On 24 June 2015, the Platform held its Third Annual Conference. The conference gathered a great representation of the Platform’s international network and due to the highly interactive and open atmosphere, it provided for a great opportunity to explore the intersections of the Platform’s program. The conference also allowed the network to share insights and experiences with the view to guide the Platform in its future directions. Several artists made live visual interpretations of the day’s discussions, capturing the most important and inspiring messages.
After an energizing opening by moderator Petra Stienen, the day was kick-started by Robert Serry with an insightful conversation on his experiences as Former Diplomat and UN Special Coordinator for the Middle East Peace Process. Drawing from his extensive experience in conflict mediation he highlighted negotiating with Hamas as UN Special Envoy for the Middle East. He emphasized the need for a patient, pragmatic and coherent approach to deal with non-state actors: “Quick fixes come back to haunt you…” and “I would take risks with non-state actors if I believe they could help”. But in doing so, low politics needs to go hand in hand with high politics.
During a conversation with the Platform’s Steering Group members, the network shared best practices, lessons learned, and brilliant failures of the Platform, critically assessing the functioning of the Platform and developing ideas for its future direction. Some of our principal takeaways of the session: “Search for irritation”, make it light, share knowledge products more interactively and tailored to specific audiences and make sure to connect and engage with local networks.
In the closing plenary morning session Jan de Vries and Marco Lankhorst deconstructed the Reconstruction Tender, critically dissecting the way the tender was set up, and suggesting ways to develop ambitious and realistic programs that strike the balance between accountability and agility. In a video response, Rachel Kleinfeld emphasized this message in explaining her brilliant metaphor of how our interventions should move more like sailboats instead of trains, moving towards the same end goal, with a flexible and adaptive route. The ensuing discussion highlighted the impact of the analysis of the Reconstruction Tender on the development of the Theory of Change of the MFA as well as the need for early engagement of implementing organizations in designing the next tender.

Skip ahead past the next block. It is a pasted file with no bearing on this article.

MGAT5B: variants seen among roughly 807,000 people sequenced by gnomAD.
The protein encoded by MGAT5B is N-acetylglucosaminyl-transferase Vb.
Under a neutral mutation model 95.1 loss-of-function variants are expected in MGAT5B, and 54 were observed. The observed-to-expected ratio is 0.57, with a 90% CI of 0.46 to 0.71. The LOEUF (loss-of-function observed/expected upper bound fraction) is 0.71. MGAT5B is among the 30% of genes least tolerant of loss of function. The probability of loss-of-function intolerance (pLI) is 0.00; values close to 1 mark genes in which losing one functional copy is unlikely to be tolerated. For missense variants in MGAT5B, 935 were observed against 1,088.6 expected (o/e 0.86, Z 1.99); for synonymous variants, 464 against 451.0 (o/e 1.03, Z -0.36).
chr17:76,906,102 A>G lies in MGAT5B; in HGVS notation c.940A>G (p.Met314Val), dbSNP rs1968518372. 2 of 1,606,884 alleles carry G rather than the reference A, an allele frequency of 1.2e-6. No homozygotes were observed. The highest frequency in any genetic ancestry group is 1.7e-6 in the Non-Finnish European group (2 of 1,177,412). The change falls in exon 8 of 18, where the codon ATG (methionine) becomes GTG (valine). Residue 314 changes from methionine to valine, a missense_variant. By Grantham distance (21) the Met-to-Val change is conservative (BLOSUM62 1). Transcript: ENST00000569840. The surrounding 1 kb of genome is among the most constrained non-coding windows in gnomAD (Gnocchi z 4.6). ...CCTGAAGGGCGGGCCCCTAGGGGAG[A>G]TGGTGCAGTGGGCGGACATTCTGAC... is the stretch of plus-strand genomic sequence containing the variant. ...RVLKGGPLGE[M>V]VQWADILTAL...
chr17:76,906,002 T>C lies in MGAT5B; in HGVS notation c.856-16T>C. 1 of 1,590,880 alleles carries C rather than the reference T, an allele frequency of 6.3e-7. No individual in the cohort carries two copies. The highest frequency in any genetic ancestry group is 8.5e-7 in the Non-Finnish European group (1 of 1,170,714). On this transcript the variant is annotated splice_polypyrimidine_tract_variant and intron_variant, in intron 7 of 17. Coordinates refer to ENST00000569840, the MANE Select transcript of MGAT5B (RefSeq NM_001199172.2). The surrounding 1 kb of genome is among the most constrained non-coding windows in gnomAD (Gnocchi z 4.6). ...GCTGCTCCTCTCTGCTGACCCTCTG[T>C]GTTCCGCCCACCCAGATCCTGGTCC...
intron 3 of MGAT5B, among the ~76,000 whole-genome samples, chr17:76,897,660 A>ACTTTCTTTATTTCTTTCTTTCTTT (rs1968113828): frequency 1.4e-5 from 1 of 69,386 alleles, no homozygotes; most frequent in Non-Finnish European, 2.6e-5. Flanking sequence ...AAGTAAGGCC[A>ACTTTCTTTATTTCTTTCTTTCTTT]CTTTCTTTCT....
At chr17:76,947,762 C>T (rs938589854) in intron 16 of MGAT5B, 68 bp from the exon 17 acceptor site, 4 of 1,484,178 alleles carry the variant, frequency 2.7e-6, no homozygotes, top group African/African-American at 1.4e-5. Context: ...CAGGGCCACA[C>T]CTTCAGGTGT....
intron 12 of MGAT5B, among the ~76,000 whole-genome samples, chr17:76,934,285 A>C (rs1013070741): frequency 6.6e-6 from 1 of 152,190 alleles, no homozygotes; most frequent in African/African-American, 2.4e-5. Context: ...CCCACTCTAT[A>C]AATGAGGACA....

In the afternoon, the approximately 100 participants split up into interactive breakout sessions where they were challenged to draw lessons from the Platform’s past and ongoing activities, with the aim of harnessing new insights to chart innovative future directions. The breakout topics focused on the intersections of past and ongoing activities. For an impression of the breakout discussions, please consult the following links:
- Citizens seeking justice and security in fragile contexts | Facilitated by Rob Sijstermans, Cordaid
- Avoiding political entanglement? Or embedding justice in politics? | Facilitated by Bart Weijs, Platform Secretariat
- Testing assumptions: the private sector's contribution to peace and stability |Facilitated by David Bremner, Cordaid
- The current crisis in Burundi: the effectiveness of international engagement | Facilitated by Suying Lai, Oxfam Novib and Gabrielle Solanet, Search for Common Ground
- Migration: exploring the potential of the comprehensive approach | Facilitated by Anna Knoll, ECDPM
The many constructive comments, inspiring ideas and novel insights that emerged from the conference discussions will be taken up in further developing future directions and activities of the Platform.
Please keep an eye on our website to be informed about the main discussions, outcomes and impression of our Third Annual Conference:
Please find below the summary report of the conference: